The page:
Belfast Telegraph

Strong support for abortion laws reform at Belfast suffrage parade

Many of the 5,000 participants used the parade to back a change in laws in Northern Ireland

A reinvigorated campaign to reform abortion laws in Northern Ireland featured prominently in the Belfast parade to mark women’s suffrage in the UK.

A sizeable number of the estimated 5,000 participants used the Processions 2018 event to voice support for a change in laws in the region.

Many of those were Yes campaigners from the Irish Republic, who have turned their focus north of the border after last month’s historic referendum to repeal the Irish state’s restrictive constitutional position on abortion.

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A woman calling for abortion reform in Northern Ireland at the parade (Niall Carson/PA)

The issue continues to polarise opinion in Northern Ireland, with strongly held views on both sides.

The pro-choice campaign was most in evidence in Belfast city centre on Sunday, as advocates linked the commemoration of 100 years since women got the vote with their modern day drive for an end to the near-blanket ban on abortion in Northern Ireland.

The debate has intensified since the outcome of the referendum in Ireland, with the Government resisting renewed calls to step in and legislate in the continuing absence of a powersharing government in Belfast.

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A woman wearing a hat critical of the DUP takes part in the Processions’ artwork march in Belfast (Niall Carson/PA)

Jessy Ni Cheallaigh, from Galway, said she and fellow campaigners had travelled to Belfast to support pro-choice “comrades” who had backed the repeal movement in the Irish Republic

“It’s time for us to return the favour,” she said.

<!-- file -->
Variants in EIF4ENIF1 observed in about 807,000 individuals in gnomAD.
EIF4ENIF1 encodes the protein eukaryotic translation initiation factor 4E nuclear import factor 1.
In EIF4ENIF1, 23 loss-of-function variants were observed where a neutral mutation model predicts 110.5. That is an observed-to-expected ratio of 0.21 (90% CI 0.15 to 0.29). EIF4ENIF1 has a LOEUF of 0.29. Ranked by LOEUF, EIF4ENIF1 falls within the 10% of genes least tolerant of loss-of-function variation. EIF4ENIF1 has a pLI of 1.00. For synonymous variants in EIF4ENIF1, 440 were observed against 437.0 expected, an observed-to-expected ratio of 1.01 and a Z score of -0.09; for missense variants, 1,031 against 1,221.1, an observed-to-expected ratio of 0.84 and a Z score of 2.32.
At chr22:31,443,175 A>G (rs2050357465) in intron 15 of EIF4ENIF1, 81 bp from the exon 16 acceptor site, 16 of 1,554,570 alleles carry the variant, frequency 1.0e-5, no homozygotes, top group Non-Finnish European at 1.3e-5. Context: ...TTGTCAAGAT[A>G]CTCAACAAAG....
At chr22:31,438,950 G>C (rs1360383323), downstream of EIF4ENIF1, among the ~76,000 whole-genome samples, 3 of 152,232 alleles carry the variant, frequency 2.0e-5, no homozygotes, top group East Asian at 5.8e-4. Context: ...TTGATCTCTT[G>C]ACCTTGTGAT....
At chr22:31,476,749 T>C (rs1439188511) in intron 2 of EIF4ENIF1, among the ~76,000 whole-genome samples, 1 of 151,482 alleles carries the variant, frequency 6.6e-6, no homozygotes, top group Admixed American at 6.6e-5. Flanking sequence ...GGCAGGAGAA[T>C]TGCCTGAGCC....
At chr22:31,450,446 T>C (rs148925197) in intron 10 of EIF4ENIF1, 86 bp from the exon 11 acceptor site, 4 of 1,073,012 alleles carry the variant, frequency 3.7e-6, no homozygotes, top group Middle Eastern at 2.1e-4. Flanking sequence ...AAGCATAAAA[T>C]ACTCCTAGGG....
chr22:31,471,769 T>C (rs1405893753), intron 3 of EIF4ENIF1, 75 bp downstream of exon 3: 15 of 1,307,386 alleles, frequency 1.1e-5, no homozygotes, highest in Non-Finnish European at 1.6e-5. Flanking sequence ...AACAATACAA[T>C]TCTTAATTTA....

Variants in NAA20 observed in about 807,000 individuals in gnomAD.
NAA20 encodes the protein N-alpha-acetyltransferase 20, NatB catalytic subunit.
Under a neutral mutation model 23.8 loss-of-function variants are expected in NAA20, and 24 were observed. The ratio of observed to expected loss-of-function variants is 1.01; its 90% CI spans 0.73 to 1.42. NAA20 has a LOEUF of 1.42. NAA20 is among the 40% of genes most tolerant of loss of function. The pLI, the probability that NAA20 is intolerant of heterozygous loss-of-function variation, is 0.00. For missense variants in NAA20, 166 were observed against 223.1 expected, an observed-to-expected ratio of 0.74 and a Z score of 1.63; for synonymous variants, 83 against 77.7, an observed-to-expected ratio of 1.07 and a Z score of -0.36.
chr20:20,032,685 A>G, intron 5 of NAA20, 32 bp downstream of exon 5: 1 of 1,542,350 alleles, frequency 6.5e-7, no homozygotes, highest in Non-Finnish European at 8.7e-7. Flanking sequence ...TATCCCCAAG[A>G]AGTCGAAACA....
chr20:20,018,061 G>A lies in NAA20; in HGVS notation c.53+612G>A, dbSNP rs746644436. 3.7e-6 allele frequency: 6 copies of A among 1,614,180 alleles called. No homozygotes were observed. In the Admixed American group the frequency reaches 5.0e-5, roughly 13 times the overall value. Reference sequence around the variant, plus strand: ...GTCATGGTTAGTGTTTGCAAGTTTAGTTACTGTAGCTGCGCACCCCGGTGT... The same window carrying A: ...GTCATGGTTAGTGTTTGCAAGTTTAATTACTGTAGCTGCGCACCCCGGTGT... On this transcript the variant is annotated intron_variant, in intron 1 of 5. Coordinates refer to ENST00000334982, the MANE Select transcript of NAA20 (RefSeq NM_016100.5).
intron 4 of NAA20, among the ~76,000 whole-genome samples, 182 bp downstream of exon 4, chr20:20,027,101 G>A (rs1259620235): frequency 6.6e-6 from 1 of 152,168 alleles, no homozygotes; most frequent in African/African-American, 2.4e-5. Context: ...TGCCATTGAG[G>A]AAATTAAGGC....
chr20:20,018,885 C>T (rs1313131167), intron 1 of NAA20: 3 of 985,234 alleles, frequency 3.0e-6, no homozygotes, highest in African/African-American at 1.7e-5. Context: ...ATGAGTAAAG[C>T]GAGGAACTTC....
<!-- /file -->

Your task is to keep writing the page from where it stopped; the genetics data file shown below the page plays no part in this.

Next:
“Two weeks ago down south we won abortion rights for women, pregnant people – it was a historic victory,” she said.

“It was an absolute landslide victory, the likes of which have never been seen and we just realise now that obviously the next step is to get abortion rights up here as well.”

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The Processions’ artwork march in Belfast, marking 100 years since the Representation of the People Act giving the first British women the right to vote and stand for public office (Niall Carson/PA)

Taryn Trainor, regional equalities officer for the Unite trade union, said she was struck by the number of young women who took part in Sunday’s parade, which weaved from the Titanic Quarter to City Hall.

“It’s been a fabulous turnout – it’s been a great day,” she said.

“There’s a lot of younger women here especially, and it’s very enlightening and very heartening to see that.

“It’s great to see the women coming down from the Yes campaign in the Republic of Ireland – they were an absolutely tremendous campaign group and they got a very good outcome in the Republic.

“It would be great to see that followed through in Northern Ireland.

“It’s one of the main equality rights that women are fighting for today in Ireland.”

The Processions 2018 events took place in Belfast, London, Edinburgh and Cardiff on Sunday. They were dubbed a living artwork, with the women dressing in the colours of the suffragette movement – green, white and purple.

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